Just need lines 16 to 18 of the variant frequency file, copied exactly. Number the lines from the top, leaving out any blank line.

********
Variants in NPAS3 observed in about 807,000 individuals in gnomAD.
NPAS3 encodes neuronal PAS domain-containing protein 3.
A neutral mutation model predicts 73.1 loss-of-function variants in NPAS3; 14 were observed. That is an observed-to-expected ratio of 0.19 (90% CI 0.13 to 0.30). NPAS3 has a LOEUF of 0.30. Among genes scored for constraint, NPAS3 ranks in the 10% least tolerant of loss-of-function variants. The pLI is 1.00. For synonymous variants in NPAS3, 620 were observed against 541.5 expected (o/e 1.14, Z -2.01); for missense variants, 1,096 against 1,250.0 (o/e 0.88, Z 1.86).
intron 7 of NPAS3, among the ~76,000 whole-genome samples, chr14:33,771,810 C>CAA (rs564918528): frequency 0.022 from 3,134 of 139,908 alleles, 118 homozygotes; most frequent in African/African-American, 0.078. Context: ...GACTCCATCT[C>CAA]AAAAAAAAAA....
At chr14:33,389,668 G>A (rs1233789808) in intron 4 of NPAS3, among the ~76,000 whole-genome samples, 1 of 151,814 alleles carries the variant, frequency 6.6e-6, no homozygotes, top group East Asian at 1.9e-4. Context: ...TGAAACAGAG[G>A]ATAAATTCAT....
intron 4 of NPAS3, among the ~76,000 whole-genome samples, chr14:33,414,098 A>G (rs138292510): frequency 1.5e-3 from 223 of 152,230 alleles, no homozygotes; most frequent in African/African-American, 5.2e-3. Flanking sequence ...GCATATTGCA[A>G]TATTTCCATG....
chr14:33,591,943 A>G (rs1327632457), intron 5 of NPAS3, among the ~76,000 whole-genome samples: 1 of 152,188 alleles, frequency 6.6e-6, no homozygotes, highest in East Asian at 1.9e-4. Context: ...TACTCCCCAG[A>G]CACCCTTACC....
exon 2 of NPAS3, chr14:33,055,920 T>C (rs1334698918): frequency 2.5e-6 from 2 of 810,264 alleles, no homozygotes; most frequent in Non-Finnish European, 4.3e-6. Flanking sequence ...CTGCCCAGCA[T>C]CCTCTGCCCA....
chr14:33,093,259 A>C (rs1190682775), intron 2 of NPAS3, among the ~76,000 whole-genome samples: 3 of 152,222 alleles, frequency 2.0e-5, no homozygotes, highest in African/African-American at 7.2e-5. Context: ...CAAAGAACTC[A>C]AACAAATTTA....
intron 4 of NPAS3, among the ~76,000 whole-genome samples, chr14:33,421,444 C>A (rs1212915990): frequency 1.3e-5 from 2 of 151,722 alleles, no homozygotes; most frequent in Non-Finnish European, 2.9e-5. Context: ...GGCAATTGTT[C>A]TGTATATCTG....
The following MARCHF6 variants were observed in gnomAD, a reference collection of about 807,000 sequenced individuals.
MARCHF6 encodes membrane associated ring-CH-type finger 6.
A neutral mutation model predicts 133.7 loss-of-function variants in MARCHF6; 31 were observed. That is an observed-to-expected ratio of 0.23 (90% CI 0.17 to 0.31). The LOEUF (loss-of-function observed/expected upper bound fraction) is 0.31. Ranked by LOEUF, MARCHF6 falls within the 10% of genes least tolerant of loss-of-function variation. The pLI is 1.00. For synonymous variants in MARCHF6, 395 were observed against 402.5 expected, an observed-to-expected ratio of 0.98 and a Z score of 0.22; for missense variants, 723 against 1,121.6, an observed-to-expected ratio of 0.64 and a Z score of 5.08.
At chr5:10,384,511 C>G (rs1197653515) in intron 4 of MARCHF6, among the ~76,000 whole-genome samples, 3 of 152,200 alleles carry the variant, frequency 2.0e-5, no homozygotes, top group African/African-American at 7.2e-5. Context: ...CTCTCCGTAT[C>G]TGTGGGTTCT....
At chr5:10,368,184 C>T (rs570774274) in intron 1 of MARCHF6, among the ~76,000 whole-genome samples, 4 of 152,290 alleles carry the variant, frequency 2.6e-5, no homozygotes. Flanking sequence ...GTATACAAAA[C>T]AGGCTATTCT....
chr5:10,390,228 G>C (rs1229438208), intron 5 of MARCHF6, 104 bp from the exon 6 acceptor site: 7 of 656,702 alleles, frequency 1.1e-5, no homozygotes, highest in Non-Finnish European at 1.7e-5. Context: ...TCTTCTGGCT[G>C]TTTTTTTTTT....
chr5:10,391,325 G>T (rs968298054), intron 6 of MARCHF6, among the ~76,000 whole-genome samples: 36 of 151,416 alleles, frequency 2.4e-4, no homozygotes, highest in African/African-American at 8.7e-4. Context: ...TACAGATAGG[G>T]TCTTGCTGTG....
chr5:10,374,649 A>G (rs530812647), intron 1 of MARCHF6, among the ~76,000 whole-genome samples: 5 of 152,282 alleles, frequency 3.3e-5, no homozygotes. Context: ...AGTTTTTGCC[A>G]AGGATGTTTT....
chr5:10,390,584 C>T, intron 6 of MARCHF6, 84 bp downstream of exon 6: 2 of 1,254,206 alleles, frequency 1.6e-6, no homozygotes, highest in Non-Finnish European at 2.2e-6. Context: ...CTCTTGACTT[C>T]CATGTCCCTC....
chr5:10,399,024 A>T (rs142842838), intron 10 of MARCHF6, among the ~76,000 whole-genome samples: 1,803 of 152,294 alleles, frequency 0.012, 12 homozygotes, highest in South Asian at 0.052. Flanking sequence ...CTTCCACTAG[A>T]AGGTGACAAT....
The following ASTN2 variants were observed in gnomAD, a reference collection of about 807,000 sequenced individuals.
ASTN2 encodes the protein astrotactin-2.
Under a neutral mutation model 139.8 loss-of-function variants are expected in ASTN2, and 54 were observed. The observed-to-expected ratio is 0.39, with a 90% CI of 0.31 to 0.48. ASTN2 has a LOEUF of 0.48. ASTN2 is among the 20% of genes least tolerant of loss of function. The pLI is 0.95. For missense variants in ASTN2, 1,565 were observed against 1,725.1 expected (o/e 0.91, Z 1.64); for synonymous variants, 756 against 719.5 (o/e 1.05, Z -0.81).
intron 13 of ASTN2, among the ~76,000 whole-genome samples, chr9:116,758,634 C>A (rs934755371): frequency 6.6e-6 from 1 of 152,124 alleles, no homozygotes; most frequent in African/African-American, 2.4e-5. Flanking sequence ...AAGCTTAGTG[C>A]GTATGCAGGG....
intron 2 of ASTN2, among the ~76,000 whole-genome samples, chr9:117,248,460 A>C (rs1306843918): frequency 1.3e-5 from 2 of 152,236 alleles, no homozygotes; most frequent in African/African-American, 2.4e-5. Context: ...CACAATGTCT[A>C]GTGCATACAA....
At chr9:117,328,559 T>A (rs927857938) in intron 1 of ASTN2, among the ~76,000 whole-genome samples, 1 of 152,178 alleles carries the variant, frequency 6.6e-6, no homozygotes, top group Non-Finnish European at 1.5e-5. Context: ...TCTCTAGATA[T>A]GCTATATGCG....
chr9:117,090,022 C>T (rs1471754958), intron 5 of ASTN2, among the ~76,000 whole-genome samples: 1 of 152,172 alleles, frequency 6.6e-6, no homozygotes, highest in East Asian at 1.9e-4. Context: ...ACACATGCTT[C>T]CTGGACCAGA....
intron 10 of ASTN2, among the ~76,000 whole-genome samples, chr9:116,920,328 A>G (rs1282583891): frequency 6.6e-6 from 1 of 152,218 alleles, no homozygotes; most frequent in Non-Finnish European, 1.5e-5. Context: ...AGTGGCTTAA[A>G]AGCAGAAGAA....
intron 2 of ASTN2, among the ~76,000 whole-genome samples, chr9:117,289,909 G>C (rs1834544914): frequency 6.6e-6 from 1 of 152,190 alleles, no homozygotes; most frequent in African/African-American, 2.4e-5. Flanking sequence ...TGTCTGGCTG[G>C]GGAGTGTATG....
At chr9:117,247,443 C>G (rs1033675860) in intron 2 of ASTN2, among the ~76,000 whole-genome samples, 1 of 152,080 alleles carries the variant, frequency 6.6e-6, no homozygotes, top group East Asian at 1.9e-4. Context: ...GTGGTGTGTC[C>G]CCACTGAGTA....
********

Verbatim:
chr5:10,390,228 G>C (rs1229438208), intron 5 of MARCHF6, 104 bp from the exon 6 acceptor site: 7 of 656,702 alleles, frequency 1.1e-5, no homozygotes, highest in Non-Finnish European at 1.7e-5. Context: ...TCTTCTGGCT[G>C]TTTTTTTTTT....
chr5:10,391,325 G>T (rs968298054), intron 6 of MARCHF6, among the ~76,000 whole-genome samples: 36 of 151,416 alleles, frequency 2.4e-4, no homozygotes, highest in African/African-American at 8.7e-4. Context: ...TACAGATAGG[G>T]TCTTGCTGTG....
chr5:10,374,649 A>G (rs530812647), intron 1 of MARCHF6, among the ~76,000 whole-genome samples: 5 of 152,282 alleles, frequency 3.3e-5, no homozygotes. Context: ...AGTTTTTGCC[A>G]AGGATGTTTT....